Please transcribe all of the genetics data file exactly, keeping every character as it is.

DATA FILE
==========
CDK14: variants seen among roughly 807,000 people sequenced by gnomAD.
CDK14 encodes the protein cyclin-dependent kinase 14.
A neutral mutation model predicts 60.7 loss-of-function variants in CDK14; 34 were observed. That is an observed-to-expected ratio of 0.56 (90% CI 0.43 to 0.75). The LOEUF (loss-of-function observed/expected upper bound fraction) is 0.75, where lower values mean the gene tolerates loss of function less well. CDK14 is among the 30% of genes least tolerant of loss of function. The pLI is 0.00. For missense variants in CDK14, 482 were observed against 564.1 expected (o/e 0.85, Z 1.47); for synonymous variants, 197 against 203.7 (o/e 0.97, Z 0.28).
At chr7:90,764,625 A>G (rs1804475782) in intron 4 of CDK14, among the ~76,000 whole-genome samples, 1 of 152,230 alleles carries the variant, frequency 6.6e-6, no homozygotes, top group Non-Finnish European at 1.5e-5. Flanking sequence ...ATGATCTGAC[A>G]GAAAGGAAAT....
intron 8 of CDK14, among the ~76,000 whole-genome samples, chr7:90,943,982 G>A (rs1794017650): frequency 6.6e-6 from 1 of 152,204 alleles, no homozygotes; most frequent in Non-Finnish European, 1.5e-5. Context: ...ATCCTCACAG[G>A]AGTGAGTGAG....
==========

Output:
CDK14: variants seen among roughly 807,000 people sequenced by gnomAD.
CDK14 encodes the protein cyclin-dependent kinase 14.
A neutral mutation model predicts 60.7 loss-of-function variants in CDK14; 34 were observed. That is an observed-to-expected ratio of 0.56 (90% CI 0.43 to 0.75). The LOEUF (loss-of-function observed/expected upper bound fraction) is 0.75, where lower values mean the gene tolerates loss of function less well. CDK14 is among the 30% of genes least tolerant of loss of function. The pLI is 0.00. For missense variants in CDK14, 482 were observed against 564.1 expected (o/e 0.85, Z 1.47); for synonymous variants, 197 against 203.7 (o/e 0.97, Z 0.28).
At chr7:90,764,625 A>G (rs1804475782) in intron 4 of CDK14, among the ~76,000 whole-genome samples, 1 of 152,230 alleles carries the variant, frequency 6.6e-6, no homozygotes, top group Non-Finnish European at 1.5e-5. Flanking sequence ...ATGATCTGAC[A>G]GAAAGGAAAT....
intron 8 of CDK14, among the ~76,000 whole-genome samples, chr7:90,943,982 G>A (rs1794017650): frequency 6.6e-6 from 1 of 152,204 alleles, no homozygotes; most frequent in Non-Finnish European, 1.5e-5. Context: ...ATCCTCACAG[G>A]AGTGAGTGAG....